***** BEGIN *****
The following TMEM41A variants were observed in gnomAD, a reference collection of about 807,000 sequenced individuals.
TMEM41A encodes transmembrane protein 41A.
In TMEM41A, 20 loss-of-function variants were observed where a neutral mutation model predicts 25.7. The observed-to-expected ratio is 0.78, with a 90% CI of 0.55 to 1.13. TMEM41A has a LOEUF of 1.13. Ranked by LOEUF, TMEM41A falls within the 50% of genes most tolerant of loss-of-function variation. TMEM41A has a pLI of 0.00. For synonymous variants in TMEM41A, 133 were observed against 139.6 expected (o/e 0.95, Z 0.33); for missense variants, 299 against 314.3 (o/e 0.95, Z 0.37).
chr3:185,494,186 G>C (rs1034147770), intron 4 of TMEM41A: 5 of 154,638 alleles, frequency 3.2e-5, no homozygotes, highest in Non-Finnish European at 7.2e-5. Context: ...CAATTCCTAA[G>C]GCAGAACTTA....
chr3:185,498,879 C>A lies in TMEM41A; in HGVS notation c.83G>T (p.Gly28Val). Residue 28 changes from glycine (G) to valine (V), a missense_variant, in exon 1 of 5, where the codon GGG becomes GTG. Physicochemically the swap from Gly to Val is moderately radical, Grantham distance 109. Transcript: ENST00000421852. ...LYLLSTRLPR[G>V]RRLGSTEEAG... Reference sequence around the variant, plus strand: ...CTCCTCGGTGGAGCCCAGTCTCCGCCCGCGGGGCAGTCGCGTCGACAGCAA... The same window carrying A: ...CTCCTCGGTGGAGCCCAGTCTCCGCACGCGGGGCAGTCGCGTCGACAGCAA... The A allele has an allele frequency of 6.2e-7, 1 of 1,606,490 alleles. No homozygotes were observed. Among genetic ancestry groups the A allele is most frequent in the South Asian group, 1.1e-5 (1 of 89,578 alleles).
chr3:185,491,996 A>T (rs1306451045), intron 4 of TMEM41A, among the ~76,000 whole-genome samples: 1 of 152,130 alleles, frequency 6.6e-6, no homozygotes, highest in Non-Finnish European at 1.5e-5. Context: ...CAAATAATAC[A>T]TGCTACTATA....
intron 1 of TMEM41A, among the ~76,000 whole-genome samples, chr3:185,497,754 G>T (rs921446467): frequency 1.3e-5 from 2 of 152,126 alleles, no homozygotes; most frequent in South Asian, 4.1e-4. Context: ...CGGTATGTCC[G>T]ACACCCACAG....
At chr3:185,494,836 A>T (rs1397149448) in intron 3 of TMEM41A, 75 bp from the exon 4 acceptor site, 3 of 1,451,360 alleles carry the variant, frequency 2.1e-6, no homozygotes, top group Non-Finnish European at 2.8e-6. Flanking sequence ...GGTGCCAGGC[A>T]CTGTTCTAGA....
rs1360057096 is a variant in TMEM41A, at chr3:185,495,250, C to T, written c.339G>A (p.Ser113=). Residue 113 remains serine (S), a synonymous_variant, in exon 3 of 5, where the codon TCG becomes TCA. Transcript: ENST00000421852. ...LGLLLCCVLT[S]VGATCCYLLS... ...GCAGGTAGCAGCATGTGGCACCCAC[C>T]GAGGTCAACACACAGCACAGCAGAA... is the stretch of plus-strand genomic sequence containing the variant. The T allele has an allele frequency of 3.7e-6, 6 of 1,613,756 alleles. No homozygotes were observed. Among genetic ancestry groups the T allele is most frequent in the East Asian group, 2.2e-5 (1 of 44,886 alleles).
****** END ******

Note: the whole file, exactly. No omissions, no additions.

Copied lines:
The following TMEM41A variants were observed in gnomAD, a reference collection of about 807,000 sequenced individuals.
TMEM41A encodes transmembrane protein 41A.
In TMEM41A, 20 loss-of-function variants were observed where a neutral mutation model predicts 25.7. The observed-to-expected ratio is 0.78, with a 90% CI of 0.55 to 1.13. TMEM41A has a LOEUF of 1.13. Ranked by LOEUF, TMEM41A falls within the 50% of genes most tolerant of loss-of-function variation. TMEM41A has a pLI of 0.00. For synonymous variants in TMEM41A, 133 were observed against 139.6 expected (o/e 0.95, Z 0.33); for missense variants, 299 against 314.3 (o/e 0.95, Z 0.37).
chr3:185,494,186 G>C (rs1034147770), intron 4 of TMEM41A: 5 of 154,638 alleles, frequency 3.2e-5, no homozygotes, highest in Non-Finnish European at 7.2e-5. Context: ...CAATTCCTAA[G>C]GCAGAACTTA....
chr3:185,498,879 C>A lies in TMEM41A; in HGVS notation c.83G>T (p.Gly28Val). Residue 28 changes from glycine (G) to valine (V), a missense_variant, in exon 1 of 5, where the codon GGG becomes GTG. Physicochemically the swap from Gly to Val is moderately radical, Grantham distance 109. Transcript: ENST00000421852. ...LYLLSTRLPR[G>V]RRLGSTEEAG... Reference sequence around the variant, plus strand: ...CTCCTCGGTGGAGCCCAGTCTCCGCCCGCGGGGCAGTCGCGTCGACAGCAA... The same window carrying A: ...CTCCTCGGTGGAGCCCAGTCTCCGCACGCGGGGCAGTCGCGTCGACAGCAA... The A allele has an allele frequency of 6.2e-7, 1 of 1,606,490 alleles. No homozygotes were observed. Among genetic ancestry groups the A allele is most frequent in the South Asian group, 1.1e-5 (1 of 89,578 alleles).
chr3:185,491,996 A>T (rs1306451045), intron 4 of TMEM41A, among the ~76,000 whole-genome samples: 1 of 152,130 alleles, frequency 6.6e-6, no homozygotes, highest in Non-Finnish European at 1.5e-5. Context: ...CAAATAATAC[A>T]TGCTACTATA....
intron 1 of TMEM41A, among the ~76,000 whole-genome samples, chr3:185,497,754 G>T (rs921446467): frequency 1.3e-5 from 2 of 152,126 alleles, no homozygotes; most frequent in South Asian, 4.1e-4. Context: ...CGGTATGTCC[G>T]ACACCCACAG....
At chr3:185,494,836 A>T (rs1397149448) in intron 3 of TMEM41A, 75 bp from the exon 4 acceptor site, 3 of 1,451,360 alleles carry the variant, frequency 2.1e-6, no homozygotes, top group Non-Finnish European at 2.8e-6. Flanking sequence ...GGTGCCAGGC[A>T]CTGTTCTAGA....
rs1360057096 is a variant in TMEM41A, at chr3:185,495,250, C to T, written c.339G>A (p.Ser113=). Residue 113 remains serine (S), a synonymous_variant, in exon 3 of 5, where the codon TCG becomes TCA. Transcript: ENST00000421852. ...LGLLLCCVLT[S]VGATCCYLLS... ...GCAGGTAGCAGCATGTGGCACCCAC[C>T]GAGGTCAACACACAGCACAGCAGAA... is the stretch of plus-strand genomic sequence containing the variant. The T allele has an allele frequency of 3.7e-6, 6 of 1,613,756 alleles. No homozygotes were observed. Among genetic ancestry groups the T allele is most frequent in the East Asian group, 2.2e-5 (1 of 44,886 alleles).